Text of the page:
On a lighter note: not only was June a fabulous month for the celebration of our Queen's Jubilee, but included various events from the Boys Brigade and the Royal British Legion. We also raised money for the Ukraine, welcomed amongst the first Ukraine refugees to the Island and enjoyed
visits from various dignities, including the Earl and Countess of Wessex; we had a successful Walk the Wight and Ryde Council gave me the ‘Freedom of the Town’. It was unexpected and to be rewarded in this way for a volunteer job that I have carried out for nearly forty years was
‘amazing’. Thank you Ryde for this reward. I, like many others, care deeply about our Island and its inhabitants.

We have seen people come and go, many in positions of trust and authority, using it as a stepping stone for promotion and others things elsewhere. Others, who have been captured by its beauty and magic, stayed and worked hard to ensure that its beauty and heritage are available for generations to come. I've been told, although probably in jest, that I can now walk my sheep through Ryde. My only problem is that I will have to borrow some sheep in order to this. I trust and hope that July will be as busy and profitable as June and that we all have a prosperous tourist season, so that many of our business, who have really suffered over the past two and half years, can get back in their feet. One last plea to our council. Business need help, support and good advice, in the end they employ our local inhabitants and ultimately, council employees. Thank you for reading this, and as usual I welcome your feedback.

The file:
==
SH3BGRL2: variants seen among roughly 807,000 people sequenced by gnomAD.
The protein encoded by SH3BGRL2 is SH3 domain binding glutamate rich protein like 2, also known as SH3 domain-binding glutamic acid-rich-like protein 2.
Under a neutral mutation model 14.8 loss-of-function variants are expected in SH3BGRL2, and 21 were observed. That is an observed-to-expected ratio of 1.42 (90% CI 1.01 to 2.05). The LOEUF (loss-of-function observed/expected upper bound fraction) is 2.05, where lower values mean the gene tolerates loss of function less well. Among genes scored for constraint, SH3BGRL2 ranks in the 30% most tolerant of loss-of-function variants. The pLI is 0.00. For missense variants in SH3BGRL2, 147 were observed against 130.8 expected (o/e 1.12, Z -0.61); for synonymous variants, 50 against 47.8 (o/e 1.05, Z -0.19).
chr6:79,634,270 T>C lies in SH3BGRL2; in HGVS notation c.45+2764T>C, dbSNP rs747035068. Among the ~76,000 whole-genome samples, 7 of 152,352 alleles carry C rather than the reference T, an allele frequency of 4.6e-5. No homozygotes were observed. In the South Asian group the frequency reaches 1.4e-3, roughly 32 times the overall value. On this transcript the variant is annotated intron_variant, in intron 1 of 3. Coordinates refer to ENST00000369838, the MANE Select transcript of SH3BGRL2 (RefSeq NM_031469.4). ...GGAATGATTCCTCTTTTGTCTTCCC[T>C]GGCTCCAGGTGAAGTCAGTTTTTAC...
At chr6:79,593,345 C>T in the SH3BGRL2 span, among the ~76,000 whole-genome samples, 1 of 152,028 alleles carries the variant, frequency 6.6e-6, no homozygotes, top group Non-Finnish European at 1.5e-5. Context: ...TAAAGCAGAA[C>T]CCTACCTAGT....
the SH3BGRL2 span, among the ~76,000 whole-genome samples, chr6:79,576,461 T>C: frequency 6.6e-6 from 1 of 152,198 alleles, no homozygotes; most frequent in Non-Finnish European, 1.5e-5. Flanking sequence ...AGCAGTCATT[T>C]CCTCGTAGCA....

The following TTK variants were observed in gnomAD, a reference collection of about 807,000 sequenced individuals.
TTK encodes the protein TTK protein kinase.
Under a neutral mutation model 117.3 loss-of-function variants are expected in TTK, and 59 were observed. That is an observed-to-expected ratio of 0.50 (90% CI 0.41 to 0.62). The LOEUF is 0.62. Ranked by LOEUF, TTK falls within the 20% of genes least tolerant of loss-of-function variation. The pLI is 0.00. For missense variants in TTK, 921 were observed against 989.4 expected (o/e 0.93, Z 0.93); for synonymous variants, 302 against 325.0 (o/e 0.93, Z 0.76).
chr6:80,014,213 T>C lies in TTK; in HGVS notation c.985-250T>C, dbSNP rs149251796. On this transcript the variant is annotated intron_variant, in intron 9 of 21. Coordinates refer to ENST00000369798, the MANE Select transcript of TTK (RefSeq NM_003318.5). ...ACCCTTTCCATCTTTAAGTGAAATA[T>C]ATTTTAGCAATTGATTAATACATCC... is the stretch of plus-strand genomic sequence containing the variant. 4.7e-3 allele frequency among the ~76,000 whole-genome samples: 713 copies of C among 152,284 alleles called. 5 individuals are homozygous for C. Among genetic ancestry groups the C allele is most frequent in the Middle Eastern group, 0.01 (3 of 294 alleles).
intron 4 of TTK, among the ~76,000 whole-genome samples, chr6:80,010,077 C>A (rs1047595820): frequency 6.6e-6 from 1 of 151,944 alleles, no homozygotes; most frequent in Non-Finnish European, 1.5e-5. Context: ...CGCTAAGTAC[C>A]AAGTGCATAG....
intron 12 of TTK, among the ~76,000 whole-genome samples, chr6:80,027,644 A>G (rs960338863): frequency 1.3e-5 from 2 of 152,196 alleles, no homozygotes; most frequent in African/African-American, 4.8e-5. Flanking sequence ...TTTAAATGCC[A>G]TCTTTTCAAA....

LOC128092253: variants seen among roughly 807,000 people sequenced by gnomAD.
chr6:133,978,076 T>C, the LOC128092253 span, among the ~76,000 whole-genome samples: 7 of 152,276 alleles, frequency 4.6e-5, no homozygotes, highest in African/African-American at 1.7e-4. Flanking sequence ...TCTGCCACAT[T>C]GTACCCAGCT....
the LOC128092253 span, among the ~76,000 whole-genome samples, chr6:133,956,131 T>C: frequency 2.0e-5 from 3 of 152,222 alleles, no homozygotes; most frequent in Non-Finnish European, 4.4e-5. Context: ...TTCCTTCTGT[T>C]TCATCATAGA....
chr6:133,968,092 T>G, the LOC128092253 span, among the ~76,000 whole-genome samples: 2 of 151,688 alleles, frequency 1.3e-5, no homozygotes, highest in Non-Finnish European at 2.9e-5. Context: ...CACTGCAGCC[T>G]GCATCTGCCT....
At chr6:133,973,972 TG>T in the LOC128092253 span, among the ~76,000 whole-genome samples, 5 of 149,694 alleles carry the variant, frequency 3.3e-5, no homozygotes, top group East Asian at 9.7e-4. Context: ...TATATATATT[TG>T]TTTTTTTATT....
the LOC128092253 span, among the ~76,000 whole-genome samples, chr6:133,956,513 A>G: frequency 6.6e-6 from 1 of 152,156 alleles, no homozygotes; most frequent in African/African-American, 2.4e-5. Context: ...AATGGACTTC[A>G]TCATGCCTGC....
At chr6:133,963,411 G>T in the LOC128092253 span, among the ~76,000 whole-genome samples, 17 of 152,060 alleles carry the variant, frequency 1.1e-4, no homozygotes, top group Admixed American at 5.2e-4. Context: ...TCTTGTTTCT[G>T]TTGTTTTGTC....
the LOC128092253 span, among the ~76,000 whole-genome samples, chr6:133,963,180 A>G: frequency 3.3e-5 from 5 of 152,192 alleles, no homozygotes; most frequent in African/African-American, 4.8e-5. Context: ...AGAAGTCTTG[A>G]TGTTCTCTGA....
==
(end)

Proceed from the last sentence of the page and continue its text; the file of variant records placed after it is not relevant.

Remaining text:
Note: The views expressed in councillor columns are personal and do not necessarily represent those of the corresponding town and parish councils or Beacon Magazine